A protagonist on the run with a need to prove his/her innocence is not an original concept; but with Salt, Angelina Jolie joins the ranks of great women casted in roles written for men – in this case Tom Cruise dropped out and Edwin Salt became Evelyn Salt.

As a CIA officer, Evelyn Salt (Jolie) swore an oath to duty, honour and country.  But her loyalty is tested when a defector accuses Salt of being a Russian spy.  She goes on the run, using all her skills and years of experience as a covert operative to elude capture. Salt’s efforts to prove her innocence only serve to cast doubt on her motives as the hunt to uncover the truth behind her identity continues.

The action/chase sequences are captivating as Salt attempts to elude her captors on a busy American highway by jumping from the top of one travelling truck to another. Interestingly, as Salt’s prowess as a trained killer is established, bodies begin to simply appear and not every knockout is performed on camera. Nonetheless, her abilities are nearly unmatched and Jolie is perfectly casted.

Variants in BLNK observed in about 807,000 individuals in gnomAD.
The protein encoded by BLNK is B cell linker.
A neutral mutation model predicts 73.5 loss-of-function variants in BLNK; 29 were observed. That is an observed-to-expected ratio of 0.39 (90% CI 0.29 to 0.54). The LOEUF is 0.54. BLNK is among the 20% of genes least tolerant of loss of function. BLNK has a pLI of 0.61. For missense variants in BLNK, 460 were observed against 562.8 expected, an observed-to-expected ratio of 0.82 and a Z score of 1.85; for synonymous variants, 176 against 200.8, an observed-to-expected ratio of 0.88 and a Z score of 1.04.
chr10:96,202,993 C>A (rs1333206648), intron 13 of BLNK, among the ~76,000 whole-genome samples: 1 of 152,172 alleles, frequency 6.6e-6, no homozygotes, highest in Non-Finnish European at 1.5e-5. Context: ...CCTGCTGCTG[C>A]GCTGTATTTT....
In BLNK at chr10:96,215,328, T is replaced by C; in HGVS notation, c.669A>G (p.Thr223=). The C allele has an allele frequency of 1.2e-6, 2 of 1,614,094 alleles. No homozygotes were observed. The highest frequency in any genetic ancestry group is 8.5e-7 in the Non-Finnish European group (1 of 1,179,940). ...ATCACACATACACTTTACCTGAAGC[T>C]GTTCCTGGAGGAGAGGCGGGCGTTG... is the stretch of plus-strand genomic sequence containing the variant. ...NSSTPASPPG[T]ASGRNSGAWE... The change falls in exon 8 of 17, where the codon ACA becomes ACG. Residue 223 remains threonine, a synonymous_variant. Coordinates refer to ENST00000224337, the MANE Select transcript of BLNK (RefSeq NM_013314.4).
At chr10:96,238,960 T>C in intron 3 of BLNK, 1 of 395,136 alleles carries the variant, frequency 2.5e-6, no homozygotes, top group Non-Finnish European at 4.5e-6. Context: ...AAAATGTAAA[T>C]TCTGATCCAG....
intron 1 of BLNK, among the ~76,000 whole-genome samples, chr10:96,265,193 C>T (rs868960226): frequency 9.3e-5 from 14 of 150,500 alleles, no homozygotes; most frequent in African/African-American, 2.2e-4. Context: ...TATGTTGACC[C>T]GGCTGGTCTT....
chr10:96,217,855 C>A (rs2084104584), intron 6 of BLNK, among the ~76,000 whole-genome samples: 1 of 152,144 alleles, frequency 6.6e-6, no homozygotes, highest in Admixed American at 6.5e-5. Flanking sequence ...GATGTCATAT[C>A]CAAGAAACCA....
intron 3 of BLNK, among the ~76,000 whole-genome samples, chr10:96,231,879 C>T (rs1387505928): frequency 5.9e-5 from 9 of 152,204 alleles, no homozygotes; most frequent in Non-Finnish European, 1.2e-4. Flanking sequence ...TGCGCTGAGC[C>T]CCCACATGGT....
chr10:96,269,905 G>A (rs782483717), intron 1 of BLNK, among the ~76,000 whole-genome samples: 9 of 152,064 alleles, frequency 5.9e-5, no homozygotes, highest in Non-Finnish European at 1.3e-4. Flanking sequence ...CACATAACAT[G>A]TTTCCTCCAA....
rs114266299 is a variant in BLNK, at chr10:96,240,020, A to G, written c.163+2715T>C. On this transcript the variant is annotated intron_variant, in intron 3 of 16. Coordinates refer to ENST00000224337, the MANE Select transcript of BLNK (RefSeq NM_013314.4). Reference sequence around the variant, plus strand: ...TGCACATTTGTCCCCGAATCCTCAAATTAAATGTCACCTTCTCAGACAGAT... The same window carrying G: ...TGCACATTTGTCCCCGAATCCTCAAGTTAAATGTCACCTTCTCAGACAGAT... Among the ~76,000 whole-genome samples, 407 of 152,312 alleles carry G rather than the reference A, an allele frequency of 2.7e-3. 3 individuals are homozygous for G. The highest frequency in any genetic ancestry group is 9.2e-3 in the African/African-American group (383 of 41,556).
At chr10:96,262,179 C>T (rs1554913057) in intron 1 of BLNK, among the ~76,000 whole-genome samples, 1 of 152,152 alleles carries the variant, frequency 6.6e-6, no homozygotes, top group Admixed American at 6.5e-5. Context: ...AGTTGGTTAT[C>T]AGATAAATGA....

Jolie has become a female action hero with roles in films such as Wanted, Tomb Raider, and Mr. and Mrs. Smith – and though she appears comfortable, she’s not been pigeon-holed. These roles allow Jolie to showcase her incredible physical fitness, as well as skills she’s picked up along the way. Conversely, an element that feels more prominent here than in some of Jolie’s other hard-hitting characters is her femininity. Salt is tough, but she’s also very much in love with her husband and home life. (Oddly, the blonde also somehow softens her).

The conspiracy built to drive the film’s plot is quite complex and fascinating, and includes a new scheme behind President Kennedy’s assassination as well as a sleeper cell program that positions Russian agents as high-ranking U.S. officials. The culmination is to be “Day X,” a large-scale strike against the United States and her allies. It’s interesting that the Russians re-emerge here as a major threat to U.S. security after years of other more prevalent countries being cinematically demonized.

In the end, the marketing tactic of pasting “Who is Salt?” everywhere is very consistent with the film’s characters’ full throttle quest to discover the answer to the same question.

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